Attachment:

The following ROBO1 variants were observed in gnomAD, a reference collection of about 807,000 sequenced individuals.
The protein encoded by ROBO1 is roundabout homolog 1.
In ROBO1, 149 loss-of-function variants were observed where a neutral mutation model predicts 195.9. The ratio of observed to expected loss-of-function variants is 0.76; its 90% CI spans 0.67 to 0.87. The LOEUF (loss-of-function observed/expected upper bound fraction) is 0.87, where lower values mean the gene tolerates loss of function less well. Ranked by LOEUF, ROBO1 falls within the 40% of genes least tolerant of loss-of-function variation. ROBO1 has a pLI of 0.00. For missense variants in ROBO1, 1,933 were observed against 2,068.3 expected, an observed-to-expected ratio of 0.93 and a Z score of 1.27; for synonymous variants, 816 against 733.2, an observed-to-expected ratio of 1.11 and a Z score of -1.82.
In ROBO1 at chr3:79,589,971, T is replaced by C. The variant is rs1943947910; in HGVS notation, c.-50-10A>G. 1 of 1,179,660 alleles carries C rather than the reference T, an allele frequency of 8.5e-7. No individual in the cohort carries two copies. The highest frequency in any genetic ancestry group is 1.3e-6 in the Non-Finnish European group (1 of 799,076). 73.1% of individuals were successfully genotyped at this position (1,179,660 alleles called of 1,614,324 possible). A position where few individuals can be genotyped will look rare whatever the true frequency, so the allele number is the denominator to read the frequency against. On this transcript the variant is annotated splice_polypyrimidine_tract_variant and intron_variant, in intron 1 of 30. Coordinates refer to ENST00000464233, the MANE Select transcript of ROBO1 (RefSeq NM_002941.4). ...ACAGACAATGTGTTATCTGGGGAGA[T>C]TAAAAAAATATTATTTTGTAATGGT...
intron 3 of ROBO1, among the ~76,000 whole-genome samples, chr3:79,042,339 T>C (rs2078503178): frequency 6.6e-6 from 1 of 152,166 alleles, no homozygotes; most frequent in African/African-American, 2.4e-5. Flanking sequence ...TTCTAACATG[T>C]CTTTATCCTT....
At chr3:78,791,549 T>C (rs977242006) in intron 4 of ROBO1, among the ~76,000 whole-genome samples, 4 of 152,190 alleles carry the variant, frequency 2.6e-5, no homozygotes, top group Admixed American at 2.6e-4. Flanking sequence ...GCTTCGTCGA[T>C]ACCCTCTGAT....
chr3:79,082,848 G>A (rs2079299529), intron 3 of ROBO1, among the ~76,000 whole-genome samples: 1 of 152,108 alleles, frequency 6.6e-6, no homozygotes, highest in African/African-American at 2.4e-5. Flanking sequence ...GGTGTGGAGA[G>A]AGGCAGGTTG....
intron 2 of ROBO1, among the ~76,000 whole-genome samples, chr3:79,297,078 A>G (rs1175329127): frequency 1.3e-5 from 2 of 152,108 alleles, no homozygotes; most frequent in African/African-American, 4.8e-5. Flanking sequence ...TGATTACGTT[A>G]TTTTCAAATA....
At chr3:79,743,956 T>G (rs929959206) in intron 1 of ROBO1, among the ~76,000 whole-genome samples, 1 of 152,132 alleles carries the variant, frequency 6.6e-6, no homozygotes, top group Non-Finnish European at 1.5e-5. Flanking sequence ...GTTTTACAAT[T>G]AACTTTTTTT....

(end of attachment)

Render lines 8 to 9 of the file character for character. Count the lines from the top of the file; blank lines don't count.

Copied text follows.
intron 2 of ROBO1, among the ~76,000 whole-genome samples, chr3:79,297,078 A>G (rs1175329127): frequency 1.3e-5 from 2 of 152,108 alleles, no homozygotes; most frequent in African/African-American, 4.8e-5. Flanking sequence ...TGATTACGTT[A>G]TTTTCAAATA....
At chr3:79,743,956 T>G (rs929959206) in intron 1 of ROBO1, among the ~76,000 whole-genome samples, 1 of 152,132 alleles carries the variant, frequency 6.6e-6, no homozygotes, top group Non-Finnish European at 1.5e-5. Flanking sequence ...GTTTTACAAT[T>G]AACTTTTTTT....